A successful season for the Ducks would be for their youth movement to improve their comfort level in the NHL and seize the lineup spots that are up for grabs this year, while making life a bit easier on John Gibson.  All eyes will be on Steel and Comtois in particular to make significant strides in their game. Out of the four teams profiled in this article, the Ducks have the potential to take the biggest leap, depending on how their emerging young core is able to adapt to life in the NHL.

Los Angeles Kings

Last season: 31-42-9 (71 points) – 8th in the Pacific Division

Oddsmaker’s projected points O/U: 73.5

Notable Additions: Nikolai Prohkorkin, Joakim Ryan, Ben Hutton

Notable Subtractions: Jake Muzzin, Dion Phaneuf, Brendan Leipsic, Carl Hagelin, Oscar Fantenberg

The Los Angeles Kings will also welcome a new coach to lead them through a rebuild. Todd McLellan and his Kings are poised for another finish at or near the bottom of the standings, largely due to an aging core of Anze Kopitar, Jeff Carter, Drew Doughty and Jonathan Quick; and their lack of prime-aged talent.

Despite the lacklustre product the Kings put on the ice last year, there are still reasons for Kings fans to remain optimistic. They have a strong prospect group headlined by Alex Turcotte, Rasmus Kupari, James Anderson-Dolan, Cale Clague, Mikey Anderson, and Akil Thomas along with up-and-coming netminders in Jack Campbell and Cal Peterson. Gabriel Vilardi is another interesting name in the Kings’ system, but he’s still in the midst of recovering from injury. As the season plays out, look for McLellan and the Kings to continue to transition away from their old core towards the incoming youth movement.

Another question mark coming into the season is Jonathan Quick. He was the subject of minor trade speculation last year around the deadline and it’s possible trade talks could heat up again this year. He’s 33 with 4 more years on his contract at 5.8M per, but there are people who love his pedigree and compete level. Like many of the Kings, last season was a down year for Quick, but with a return to his old form and an injury to a playoff team’s goalie, a situation could arise where the Kings retain a significant chunk of his salary and he’s off chasing another cup.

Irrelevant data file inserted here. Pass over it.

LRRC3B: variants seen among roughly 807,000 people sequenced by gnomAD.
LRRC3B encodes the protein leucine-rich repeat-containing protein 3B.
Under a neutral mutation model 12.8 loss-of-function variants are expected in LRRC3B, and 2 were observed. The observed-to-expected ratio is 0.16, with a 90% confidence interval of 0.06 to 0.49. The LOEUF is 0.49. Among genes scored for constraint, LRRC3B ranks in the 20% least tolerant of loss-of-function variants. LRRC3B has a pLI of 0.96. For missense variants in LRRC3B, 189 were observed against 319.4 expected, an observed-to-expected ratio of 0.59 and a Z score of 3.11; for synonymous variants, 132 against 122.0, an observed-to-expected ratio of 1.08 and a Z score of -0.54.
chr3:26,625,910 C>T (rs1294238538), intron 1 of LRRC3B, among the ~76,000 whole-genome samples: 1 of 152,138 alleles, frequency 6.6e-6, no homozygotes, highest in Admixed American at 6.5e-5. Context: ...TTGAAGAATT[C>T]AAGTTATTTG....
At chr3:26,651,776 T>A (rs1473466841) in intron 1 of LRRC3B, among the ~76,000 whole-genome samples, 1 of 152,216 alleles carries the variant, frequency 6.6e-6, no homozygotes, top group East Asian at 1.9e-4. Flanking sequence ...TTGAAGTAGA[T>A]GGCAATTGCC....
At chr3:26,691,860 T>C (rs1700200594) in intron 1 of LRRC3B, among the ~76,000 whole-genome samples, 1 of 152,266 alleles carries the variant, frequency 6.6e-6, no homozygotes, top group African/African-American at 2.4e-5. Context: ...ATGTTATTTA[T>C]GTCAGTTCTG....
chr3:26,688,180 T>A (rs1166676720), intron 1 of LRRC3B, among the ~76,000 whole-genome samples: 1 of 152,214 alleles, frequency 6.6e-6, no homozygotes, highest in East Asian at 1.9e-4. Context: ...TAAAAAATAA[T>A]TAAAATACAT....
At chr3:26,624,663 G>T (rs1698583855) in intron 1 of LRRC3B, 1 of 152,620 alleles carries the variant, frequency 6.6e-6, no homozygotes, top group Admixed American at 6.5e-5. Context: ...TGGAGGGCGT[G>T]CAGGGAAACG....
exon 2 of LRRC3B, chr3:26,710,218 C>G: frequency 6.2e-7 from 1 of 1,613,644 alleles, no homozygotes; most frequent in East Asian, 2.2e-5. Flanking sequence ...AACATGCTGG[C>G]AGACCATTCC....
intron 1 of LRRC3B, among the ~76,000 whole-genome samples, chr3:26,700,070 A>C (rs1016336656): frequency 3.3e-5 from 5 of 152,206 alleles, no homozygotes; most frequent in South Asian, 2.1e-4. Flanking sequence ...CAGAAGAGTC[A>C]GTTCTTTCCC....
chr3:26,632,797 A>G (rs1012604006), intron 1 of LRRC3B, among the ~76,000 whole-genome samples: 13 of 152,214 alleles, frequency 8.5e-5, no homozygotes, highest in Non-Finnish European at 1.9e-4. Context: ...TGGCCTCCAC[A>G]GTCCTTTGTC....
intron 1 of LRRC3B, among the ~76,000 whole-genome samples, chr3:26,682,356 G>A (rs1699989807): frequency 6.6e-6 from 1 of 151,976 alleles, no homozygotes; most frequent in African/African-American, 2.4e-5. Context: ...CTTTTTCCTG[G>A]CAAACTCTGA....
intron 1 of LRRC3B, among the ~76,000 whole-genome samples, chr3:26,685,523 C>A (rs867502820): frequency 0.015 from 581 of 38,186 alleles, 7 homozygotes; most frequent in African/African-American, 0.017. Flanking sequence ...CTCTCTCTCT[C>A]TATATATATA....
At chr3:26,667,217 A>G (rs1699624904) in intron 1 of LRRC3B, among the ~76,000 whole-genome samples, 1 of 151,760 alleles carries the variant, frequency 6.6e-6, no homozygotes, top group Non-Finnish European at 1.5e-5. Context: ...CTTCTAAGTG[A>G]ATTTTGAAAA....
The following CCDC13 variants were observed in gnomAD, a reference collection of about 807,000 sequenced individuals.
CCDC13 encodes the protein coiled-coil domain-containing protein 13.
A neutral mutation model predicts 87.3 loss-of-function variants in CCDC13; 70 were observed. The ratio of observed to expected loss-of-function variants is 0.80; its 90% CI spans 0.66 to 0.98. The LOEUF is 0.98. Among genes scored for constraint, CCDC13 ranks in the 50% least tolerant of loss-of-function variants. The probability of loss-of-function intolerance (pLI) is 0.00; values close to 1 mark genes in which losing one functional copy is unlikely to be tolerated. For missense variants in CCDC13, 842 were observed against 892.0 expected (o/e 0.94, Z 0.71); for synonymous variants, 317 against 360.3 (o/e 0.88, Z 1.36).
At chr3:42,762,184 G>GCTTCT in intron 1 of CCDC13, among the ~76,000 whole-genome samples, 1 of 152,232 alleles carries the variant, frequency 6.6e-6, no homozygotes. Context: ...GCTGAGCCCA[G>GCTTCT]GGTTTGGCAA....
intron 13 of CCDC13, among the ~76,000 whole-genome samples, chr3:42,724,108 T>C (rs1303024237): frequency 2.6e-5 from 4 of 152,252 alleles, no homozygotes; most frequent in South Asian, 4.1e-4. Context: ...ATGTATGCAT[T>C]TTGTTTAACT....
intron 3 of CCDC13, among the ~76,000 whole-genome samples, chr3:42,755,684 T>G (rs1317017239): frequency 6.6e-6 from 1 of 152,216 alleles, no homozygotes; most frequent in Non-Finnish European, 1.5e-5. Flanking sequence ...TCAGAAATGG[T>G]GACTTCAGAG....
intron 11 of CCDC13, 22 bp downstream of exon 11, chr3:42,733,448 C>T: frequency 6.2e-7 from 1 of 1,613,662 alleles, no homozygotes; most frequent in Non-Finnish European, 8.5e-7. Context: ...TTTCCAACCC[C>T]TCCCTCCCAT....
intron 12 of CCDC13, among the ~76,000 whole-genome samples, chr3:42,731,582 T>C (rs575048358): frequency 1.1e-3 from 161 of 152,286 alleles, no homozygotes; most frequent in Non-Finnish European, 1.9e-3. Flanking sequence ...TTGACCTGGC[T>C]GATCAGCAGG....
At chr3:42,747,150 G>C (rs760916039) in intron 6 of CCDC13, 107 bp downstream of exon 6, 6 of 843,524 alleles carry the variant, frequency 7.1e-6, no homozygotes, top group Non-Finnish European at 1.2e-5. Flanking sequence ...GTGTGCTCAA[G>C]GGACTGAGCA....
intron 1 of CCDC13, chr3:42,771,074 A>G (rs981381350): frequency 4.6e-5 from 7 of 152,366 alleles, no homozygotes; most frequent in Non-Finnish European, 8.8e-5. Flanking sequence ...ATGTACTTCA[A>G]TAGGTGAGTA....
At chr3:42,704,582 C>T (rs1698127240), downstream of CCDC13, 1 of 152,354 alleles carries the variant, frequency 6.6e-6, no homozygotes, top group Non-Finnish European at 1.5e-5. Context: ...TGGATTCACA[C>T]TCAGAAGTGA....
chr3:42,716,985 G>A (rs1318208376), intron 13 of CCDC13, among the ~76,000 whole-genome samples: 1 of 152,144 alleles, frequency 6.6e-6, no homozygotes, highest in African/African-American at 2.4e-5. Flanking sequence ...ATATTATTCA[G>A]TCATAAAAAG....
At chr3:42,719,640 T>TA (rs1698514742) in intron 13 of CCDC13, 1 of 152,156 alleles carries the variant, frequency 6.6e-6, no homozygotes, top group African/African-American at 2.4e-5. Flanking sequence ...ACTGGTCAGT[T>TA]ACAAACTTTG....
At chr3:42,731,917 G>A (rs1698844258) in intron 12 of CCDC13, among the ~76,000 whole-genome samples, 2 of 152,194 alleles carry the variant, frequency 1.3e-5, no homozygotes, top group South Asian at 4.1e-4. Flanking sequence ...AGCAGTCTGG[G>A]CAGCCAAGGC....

A successful season for the Kings would see a few of the pending UFAs like Toffoli, Lewis, Clifford, Forbot, LaDue, and Hutton play well enough to generate value at the trade deadline as some of the younger players push to take their spots. In the end, the most compelling part of the season for GM Rob Blake is likely to be the trade deadline.

San Jose Sharks

Last season: 46-27-9 (101 points) – 2nd in the Pacific Division

Oddsmaker’s projected points O/U: 93.5

Notable Additions: Dalton Prout, Jonny Brodzinski

Notable Subtractions: Joe Pavelski, Gustav Nyqvist, Joonas Donskoi, Justin Braun, Joakim Ryan

The Sharks come into the year as one of the Pacific division powerhouses. They will compete with Calgary and Vegas for the top spot despite losing their captain and  some other complementary pieces who have proven to be important to past Sharks teams. Those subtractions sting a bit less knowing they have two of the most dynamic defencemen in the game and players on the rise like Timo Meier, Tomas Hertl and Kevin Labanc.

They’ll come into the season hoping those three continue to build on their success and for other youngsters like Radil, Sorenson and Gambrell to take steps as well. Their strength is on the back end, which features Brent Burns and a freshly signed Erik Karlsson.

karlsson burns

With the departures of Justin Braun and Joakim Ryan, the Sharks will likely give top four minutes to Radim Simek, who they liked alongside Burns last year during his 41 game stint before he got hurt. Simek excels on the defensive side of the puck and his playing style fits well with Burns.

Once again, the Sharks Achilles’ heel will be their goaltending, as Martin Jones comes off a season where he allowed 176 goals with a 154.2 xG total, more than 20 above expectation. Aaron Dell had a rough season as well, allowing 70 goals with a 59.35 xG. However, I would still expect mild improvements from both goaltenders.

Although there are concerns in net for San Jose, the rest of the roster looks poised for another playoff run. The Sharks really don’t have much left to prove, so a successful season will be one ending with a cup. The Sharks are once again in win-now mode and won’t take another second or third round exit lightly.

*Over/Unders provided by